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Metadata file 'notes.sqlite' causes sync conflict with multiple clients #1111

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brainchild0 opened this Issue Jan 10, 2019 · 56 comments

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commented Jan 10, 2019

Expected behaviour

Multiple instances of client connect to same remote endpoint without any synchronization conflicts, except when the same note has been modified on both sides.

Actual behaviour

File notes.sqlite is reported as synchronization conflict.

Steps to reproduce

Configure an instances of QOwnNotes on each of two systems, to connect to the same location in the same Nextcloud instance. Configure Nextcloud clients on each system also to synchronize those locations.

Suggestion

Store tag, trash, and related metadata in a separate configuration directory. Also possible to use a hidden file file, although Nextcloud clients can be configured to synchronize hidden files, thereby reintroducing the same problem.

Workaround

Per site, clients can be configured to exclude files based on name patterns.

@pbek pbek added the question label Jan 10, 2019

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commented Jan 10, 2019

Is there something that can be done in QOwnNotes? Seems like either a Nextcloud behavior or a problem with or a "maximum open file handler" problem where the operating system doesn't report that the file notes.sqlite or its folder was modified. QOwnNotes would reload the note folder if it was modified.

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commented Jan 10, 2019

Maybe it has something to do that the database file is opened by QOwnNotes (Qt Sqlite Engine). On Windows I have a settings where I attempt to close it after operations, but that was quite experimental. A lot of bad stuff can happen there...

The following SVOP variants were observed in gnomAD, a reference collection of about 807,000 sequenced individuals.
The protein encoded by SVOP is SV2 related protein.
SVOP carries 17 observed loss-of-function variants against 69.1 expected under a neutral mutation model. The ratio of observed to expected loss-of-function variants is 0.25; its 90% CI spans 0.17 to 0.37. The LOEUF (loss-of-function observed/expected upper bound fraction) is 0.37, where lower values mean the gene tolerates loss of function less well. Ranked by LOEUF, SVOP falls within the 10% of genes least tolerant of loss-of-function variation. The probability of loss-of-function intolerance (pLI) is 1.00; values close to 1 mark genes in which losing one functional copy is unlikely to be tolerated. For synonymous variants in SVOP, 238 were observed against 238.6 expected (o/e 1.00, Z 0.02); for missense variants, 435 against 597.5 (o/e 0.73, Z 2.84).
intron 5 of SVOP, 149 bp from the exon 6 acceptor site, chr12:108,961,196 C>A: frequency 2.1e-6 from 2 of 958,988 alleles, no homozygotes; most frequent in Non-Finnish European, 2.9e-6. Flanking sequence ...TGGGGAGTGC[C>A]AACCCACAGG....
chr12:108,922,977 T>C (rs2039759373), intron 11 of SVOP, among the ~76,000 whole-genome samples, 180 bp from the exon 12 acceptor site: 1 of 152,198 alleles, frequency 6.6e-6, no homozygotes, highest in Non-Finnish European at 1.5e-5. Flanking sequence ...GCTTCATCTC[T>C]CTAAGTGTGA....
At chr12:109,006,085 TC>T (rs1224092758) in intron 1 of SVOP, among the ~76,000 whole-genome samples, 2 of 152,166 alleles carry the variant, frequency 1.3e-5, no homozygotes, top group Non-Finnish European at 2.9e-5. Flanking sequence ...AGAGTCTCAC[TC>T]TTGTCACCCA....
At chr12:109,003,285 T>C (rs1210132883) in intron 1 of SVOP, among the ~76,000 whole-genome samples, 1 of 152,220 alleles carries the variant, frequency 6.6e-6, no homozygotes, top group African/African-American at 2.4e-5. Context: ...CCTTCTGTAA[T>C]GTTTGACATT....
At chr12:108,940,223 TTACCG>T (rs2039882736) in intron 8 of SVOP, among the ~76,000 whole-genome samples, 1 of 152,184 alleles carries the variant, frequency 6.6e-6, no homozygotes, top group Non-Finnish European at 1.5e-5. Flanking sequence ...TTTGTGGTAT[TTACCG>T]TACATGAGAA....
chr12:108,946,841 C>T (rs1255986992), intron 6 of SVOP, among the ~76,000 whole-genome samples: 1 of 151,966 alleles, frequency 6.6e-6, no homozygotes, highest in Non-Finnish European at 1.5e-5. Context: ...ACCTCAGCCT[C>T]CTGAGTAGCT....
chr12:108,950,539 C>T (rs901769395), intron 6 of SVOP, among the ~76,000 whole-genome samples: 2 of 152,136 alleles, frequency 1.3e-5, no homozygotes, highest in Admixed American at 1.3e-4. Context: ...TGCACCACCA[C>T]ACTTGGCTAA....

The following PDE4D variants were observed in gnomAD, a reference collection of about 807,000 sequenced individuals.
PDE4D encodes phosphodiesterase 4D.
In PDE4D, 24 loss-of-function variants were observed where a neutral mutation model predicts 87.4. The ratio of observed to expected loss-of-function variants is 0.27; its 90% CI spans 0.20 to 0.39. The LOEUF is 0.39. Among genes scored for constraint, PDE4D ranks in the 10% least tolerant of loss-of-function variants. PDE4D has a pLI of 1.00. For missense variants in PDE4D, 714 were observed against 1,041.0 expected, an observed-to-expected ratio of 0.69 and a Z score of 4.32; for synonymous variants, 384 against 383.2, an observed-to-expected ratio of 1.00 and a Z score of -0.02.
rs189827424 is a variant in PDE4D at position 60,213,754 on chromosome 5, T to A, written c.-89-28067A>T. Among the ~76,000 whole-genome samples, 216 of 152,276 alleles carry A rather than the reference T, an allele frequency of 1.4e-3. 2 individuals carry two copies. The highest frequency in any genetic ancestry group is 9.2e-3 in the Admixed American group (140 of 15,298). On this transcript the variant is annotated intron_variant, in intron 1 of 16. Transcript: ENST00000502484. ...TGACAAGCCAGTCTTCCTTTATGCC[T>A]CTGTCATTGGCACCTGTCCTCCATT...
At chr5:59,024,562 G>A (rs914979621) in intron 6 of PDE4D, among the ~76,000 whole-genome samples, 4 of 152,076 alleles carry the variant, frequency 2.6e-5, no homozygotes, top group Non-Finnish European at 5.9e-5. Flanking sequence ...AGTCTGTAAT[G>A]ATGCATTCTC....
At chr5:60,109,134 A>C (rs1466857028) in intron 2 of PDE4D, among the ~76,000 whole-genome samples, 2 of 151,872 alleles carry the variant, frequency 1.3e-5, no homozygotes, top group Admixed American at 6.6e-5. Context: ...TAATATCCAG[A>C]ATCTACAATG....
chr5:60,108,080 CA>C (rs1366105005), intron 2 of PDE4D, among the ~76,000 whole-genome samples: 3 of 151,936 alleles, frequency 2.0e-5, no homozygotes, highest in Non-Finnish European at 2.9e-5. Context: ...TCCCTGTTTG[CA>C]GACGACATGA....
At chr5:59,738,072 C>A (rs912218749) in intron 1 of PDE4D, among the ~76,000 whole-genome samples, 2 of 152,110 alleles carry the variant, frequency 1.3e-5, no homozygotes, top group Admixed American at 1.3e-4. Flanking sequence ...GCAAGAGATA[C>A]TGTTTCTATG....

void DatabaseService::closeDatabaseConnection(QSqlDatabase &db,
QSqlQuery &query) {
// db.commit();
#ifdef Q_OS_WIN32
if (Utils::Misc::doAutomaticNoteFolderDatabaseClosing()) {
query.clear();
if (db.isOpen()) {
db.close();
}
}
#else
Q_UNUSED(db);
Q_UNUSED(query);
#endif
}

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commented Jan 10, 2019

Also see #926

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commented Jan 10, 2019

I think the central issue is that the file contains the metadata for all notes, not just one note. So for note contents, a conflict occurs only if the same note is modified in multiple locations, whereas the metadata file can conflict if any metadata is modified. Also, boundary cases can occur that users may not anticipate, creating a lower quality of experience. For example suppose a user configures a new QOwnNotes client and points it to an empty notes directory, 'then' configures the files synchronization cleint. If a metadata file is already created in the otherwise empty location, then it is a conflict. (I think that is what I observed, in my case. If you think I am mistaken then I can try to reproduce.)

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commented Jan 10, 2019

Maybe you can start by posting the rest of the requirements of the issue template to see where you were testing. 😉

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commented Jan 10, 2019

I could try to reproduce with the log pane open, but the fact is I never witnessed QOwnNotes misbehave or even complain. The only bad thing that happened was the Nextcloud client complaining of a conflict.

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commented Jan 10, 2019

Still, seeing the content of your Debug settings would be nice to help you... 😄

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commented Jan 15, 2019

I would like to provide further needed information, but I am not sure what to do. I consider the problem I describe is independent of whether QOwnNotes is even running. I don't know how to get QOwnNotes to report any problems, or why I would try.

Perhaps I did not adequately explain the problem.

If I configure the Nextcloud Desktop Client to synchronize a folder, and if both the client and server have files of the same name and location, but different data, from before the synchronization was configured, then the client reports a conflict. Such is the behavior of the client, and I do not consider this behavior incorrect, because it is the only way the client can avoid data loss in general.